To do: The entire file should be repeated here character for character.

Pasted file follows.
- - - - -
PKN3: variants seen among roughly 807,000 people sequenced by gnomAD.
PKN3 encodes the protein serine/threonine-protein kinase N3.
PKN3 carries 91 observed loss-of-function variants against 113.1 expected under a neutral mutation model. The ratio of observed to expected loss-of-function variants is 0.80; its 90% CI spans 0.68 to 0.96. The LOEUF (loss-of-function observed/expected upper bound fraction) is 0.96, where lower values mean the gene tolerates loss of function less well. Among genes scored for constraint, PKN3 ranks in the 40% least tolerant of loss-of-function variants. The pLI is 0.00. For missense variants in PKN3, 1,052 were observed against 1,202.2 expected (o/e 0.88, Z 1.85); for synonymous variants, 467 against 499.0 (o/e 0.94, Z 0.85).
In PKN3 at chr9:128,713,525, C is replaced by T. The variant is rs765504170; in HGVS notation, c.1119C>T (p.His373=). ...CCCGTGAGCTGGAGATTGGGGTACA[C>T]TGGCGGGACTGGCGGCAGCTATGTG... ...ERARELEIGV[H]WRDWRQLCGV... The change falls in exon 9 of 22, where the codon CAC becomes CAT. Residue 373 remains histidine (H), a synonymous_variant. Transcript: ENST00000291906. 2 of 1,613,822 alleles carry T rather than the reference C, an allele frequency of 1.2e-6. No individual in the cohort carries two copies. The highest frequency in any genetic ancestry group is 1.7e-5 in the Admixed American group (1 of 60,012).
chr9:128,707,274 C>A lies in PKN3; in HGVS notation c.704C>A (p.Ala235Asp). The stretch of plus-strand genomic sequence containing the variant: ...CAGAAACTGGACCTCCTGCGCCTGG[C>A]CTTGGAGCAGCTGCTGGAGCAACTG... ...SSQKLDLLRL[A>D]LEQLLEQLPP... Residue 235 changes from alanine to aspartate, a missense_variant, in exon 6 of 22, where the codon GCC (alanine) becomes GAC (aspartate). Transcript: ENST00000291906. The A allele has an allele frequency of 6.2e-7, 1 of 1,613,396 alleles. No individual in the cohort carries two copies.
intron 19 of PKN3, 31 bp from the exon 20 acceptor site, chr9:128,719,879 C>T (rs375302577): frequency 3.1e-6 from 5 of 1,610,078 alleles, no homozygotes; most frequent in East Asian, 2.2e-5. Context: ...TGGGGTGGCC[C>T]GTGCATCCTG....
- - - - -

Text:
PKN3: variants seen among roughly 807,000 people sequenced by gnomAD.
PKN3 encodes the protein serine/threonine-protein kinase N3.
PKN3 carries 91 observed loss-of-function variants against 113.1 expected under a neutral mutation model. The ratio of observed to expected loss-of-function variants is 0.80; its 90% CI spans 0.68 to 0.96. The LOEUF (loss-of-function observed/expected upper bound fraction) is 0.96, where lower values mean the gene tolerates loss of function less well. Among genes scored for constraint, PKN3 ranks in the 40% least tolerant of loss-of-function variants. The pLI is 0.00. For missense variants in PKN3, 1,052 were observed against 1,202.2 expected (o/e 0.88, Z 1.85); for synonymous variants, 467 against 499.0 (o/e 0.94, Z 0.85).
In PKN3 at chr9:128,713,525, C is replaced by T. The variant is rs765504170; in HGVS notation, c.1119C>T (p.His373=). ...CCCGTGAGCTGGAGATTGGGGTACA[C>T]TGGCGGGACTGGCGGCAGCTATGTG... ...ERARELEIGV[H]WRDWRQLCGV... The change falls in exon 9 of 22, where the codon CAC becomes CAT. Residue 373 remains histidine (H), a synonymous_variant. Transcript: ENST00000291906. 2 of 1,613,822 alleles carry T rather than the reference C, an allele frequency of 1.2e-6. No individual in the cohort carries two copies. The highest frequency in any genetic ancestry group is 1.7e-5 in the Admixed American group (1 of 60,012).
chr9:128,707,274 C>A lies in PKN3; in HGVS notation c.704C>A (p.Ala235Asp). The stretch of plus-strand genomic sequence containing the variant: ...CAGAAACTGGACCTCCTGCGCCTGG[C>A]CTTGGAGCAGCTGCTGGAGCAACTG... ...SSQKLDLLRL[A>D]LEQLLEQLPP... Residue 235 changes from alanine to aspartate, a missense_variant, in exon 6 of 22, where the codon GCC (alanine) becomes GAC (aspartate). Transcript: ENST00000291906. The A allele has an allele frequency of 6.2e-7, 1 of 1,613,396 alleles. No individual in the cohort carries two copies.
intron 19 of PKN3, 31 bp from the exon 20 acceptor site, chr9:128,719,879 C>T (rs375302577): frequency 3.1e-6 from 5 of 1,610,078 alleles, no homozygotes; most frequent in East Asian, 2.2e-5. Context: ...TGGGGTGGCC[C>T]GTGCATCCTG....